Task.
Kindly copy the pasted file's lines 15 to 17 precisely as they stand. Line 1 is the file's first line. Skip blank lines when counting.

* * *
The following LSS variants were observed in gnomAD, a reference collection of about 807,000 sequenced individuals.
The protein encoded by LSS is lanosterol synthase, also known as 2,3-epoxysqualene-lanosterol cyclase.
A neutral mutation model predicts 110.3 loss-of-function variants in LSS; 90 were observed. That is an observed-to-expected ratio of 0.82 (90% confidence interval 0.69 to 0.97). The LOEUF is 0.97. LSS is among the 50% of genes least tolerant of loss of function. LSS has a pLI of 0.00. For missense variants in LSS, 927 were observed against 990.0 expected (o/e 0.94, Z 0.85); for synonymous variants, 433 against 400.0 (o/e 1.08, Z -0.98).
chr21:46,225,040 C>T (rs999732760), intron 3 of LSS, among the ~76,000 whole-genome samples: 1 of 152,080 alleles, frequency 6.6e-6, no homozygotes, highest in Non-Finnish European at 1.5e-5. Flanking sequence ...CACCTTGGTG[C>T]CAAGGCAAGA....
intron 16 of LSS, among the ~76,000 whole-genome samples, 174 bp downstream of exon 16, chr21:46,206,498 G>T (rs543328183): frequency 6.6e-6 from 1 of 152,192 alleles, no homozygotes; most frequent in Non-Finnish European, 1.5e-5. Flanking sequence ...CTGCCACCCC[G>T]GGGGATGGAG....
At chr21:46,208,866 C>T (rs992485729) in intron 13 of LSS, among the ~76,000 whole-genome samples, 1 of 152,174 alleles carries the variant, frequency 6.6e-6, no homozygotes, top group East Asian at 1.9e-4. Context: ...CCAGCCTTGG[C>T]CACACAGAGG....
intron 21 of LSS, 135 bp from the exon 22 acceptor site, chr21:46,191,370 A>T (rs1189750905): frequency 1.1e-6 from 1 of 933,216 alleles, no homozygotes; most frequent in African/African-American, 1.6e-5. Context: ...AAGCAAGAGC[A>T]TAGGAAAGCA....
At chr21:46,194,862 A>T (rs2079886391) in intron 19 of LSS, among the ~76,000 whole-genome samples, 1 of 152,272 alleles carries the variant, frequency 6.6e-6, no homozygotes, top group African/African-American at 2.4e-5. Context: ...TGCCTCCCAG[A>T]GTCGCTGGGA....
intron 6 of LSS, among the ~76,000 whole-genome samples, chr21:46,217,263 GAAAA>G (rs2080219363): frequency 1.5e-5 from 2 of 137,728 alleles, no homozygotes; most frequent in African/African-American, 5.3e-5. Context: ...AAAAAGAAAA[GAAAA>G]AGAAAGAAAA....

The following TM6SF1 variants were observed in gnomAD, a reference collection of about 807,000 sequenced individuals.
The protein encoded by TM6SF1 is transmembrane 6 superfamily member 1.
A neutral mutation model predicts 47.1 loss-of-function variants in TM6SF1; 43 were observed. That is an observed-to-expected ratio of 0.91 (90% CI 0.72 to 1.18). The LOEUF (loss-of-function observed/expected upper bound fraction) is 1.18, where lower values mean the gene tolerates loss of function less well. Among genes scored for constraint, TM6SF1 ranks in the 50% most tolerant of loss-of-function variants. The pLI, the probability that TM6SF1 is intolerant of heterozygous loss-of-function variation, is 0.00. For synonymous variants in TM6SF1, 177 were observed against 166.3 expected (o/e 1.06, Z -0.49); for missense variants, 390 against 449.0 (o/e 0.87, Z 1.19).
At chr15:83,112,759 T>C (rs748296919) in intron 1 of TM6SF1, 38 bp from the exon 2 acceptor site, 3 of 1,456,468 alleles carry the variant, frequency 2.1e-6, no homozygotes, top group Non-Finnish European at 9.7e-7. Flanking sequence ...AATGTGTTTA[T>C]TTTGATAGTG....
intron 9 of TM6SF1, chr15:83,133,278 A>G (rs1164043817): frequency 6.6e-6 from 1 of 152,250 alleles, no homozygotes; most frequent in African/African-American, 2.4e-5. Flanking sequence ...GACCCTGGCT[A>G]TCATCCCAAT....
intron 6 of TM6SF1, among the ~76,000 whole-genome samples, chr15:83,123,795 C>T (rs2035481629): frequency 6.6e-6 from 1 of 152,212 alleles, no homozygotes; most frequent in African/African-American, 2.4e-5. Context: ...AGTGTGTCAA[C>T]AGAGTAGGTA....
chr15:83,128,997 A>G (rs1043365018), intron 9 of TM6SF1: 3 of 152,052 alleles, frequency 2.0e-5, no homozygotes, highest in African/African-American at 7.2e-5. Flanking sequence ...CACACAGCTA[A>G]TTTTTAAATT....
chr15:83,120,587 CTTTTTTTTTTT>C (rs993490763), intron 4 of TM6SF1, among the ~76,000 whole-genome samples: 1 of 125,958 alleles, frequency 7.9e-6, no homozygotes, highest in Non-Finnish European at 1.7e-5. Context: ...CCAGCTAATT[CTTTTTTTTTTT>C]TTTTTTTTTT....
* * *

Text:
intron 6 of TM6SF1, among the ~76,000 whole-genome samples, chr15:83,123,795 C>T (rs2035481629): frequency 6.6e-6 from 1 of 152,212 alleles, no homozygotes; most frequent in African/African-American, 2.4e-5. Context: ...AGTGTGTCAA[C>T]AGAGTAGGTA....
chr15:83,128,997 A>G (rs1043365018), intron 9 of TM6SF1: 3 of 152,052 alleles, frequency 2.0e-5, no homozygotes, highest in African/African-American at 7.2e-5. Flanking sequence ...CACACAGCTA[A>G]TTTTTAAATT....
chr15:83,120,587 CTTTTTTTTTTT>C (rs993490763), intron 4 of TM6SF1, among the ~76,000 whole-genome samples: 1 of 125,958 alleles, frequency 7.9e-6, no homozygotes, highest in Non-Finnish European at 1.7e-5. Context: ...CCAGCTAATT[CTTTTTTTTTTT>C]TTTTTTTTTT....